On Tuesday 4 December, the Illawarra Hawks completed Question, Persuade, Refer (QPR) training with the Collaborative.
The team learned how to recognise the warning signs for suicide, and how to support your mate in seeking help.
Both on and off the field, sporting culture plays a big role in bringing people together. Men in particular may rely upon sporting clubs and teams for emotional support.
“A lot of sporting clubs become a quasi family for men who may not be comfortable talking to anyone else,” said Alex Hains, Regional Manager of the Collaborative.
“In the same way the club supports the players to perform well on the field, QPR is a quick training method that’s evidence-based around reducing suicide deaths. It’s a way of helping teammates talk to each other about how they’re coping emotionally.”
Check out the full story in the Illawarra Mercury.
It’s not too late to claim your free QPR license! Go to www.suicidepreventioncollaborative.org.au/QPR.
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- Voices of In-Sight workshop
- Suicide: there are services available to help those left behind
- Creating change through lived experience of suicide
- Loneliness is a universal yet deeply personal experience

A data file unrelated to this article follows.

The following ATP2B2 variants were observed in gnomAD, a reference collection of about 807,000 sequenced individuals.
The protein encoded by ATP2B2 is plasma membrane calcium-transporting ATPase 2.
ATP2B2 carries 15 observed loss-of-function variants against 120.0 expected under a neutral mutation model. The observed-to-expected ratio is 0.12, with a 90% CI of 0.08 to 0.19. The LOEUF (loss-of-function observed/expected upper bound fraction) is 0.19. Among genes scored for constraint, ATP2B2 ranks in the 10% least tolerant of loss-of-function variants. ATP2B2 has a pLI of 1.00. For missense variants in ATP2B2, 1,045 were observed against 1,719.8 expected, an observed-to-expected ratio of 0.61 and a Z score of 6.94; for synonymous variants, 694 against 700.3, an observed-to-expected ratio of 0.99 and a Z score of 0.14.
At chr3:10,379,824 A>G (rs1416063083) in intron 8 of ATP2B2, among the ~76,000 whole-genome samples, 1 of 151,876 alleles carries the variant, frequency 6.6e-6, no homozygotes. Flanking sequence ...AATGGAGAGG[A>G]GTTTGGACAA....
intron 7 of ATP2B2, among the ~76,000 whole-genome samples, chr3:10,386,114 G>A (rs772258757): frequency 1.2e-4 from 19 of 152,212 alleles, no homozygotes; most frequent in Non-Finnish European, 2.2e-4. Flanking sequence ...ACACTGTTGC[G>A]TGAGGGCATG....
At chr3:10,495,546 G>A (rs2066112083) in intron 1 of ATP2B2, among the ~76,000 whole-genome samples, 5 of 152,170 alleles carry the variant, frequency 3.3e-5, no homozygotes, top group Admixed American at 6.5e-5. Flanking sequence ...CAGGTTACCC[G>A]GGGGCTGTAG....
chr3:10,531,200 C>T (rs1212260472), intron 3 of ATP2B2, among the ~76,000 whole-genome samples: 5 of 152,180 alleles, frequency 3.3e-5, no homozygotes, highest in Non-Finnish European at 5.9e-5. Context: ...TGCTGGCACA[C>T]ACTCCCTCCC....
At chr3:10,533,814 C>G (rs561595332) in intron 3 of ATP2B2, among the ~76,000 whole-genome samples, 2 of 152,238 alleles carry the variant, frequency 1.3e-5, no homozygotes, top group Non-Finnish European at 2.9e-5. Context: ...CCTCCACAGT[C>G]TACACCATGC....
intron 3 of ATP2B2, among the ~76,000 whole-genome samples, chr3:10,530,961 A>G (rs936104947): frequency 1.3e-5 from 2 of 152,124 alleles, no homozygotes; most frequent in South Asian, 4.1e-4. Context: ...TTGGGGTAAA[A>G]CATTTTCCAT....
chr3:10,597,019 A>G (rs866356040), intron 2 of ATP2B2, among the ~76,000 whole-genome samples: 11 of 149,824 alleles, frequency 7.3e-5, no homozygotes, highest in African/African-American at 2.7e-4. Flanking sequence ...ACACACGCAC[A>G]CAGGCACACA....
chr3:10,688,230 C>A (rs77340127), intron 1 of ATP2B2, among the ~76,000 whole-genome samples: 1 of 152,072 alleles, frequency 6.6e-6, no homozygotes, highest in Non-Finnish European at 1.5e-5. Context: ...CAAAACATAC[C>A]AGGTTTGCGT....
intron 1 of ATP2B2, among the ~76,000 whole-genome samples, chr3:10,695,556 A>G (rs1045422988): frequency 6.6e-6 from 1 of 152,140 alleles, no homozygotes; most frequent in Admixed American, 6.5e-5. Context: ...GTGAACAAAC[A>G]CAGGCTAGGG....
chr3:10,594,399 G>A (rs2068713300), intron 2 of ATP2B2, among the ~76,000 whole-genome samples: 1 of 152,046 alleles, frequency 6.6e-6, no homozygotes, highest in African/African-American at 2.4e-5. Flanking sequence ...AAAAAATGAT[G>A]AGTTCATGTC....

- How conversations can make a difference
- Creating hope through action - World Suicide Prevention Day
- Safe Haven
- Open Letter: Responding to suicide in our community
- Where to go for local support over the Christmas period
- Locals bravely share their stories on video to help other people bereaved by suicide
- Australia’s first Suicide and Self-harm Monitoring System website launched
- ‘Chats for change’ are here for you!
- Push for better this October
- Join the virtual ‘Out of the Shadows’ walk!
- Local event planned to mark R U OK? Day
- Developing a local response to suicide prevention in Kiama and Gerringong
- Celebrating Wear It Purple Day for LGBTIQ+ young Australians!
- Next Steps wins grant to explore gender differences in suicide prevention
- Invitation: an opportunity for substantial change!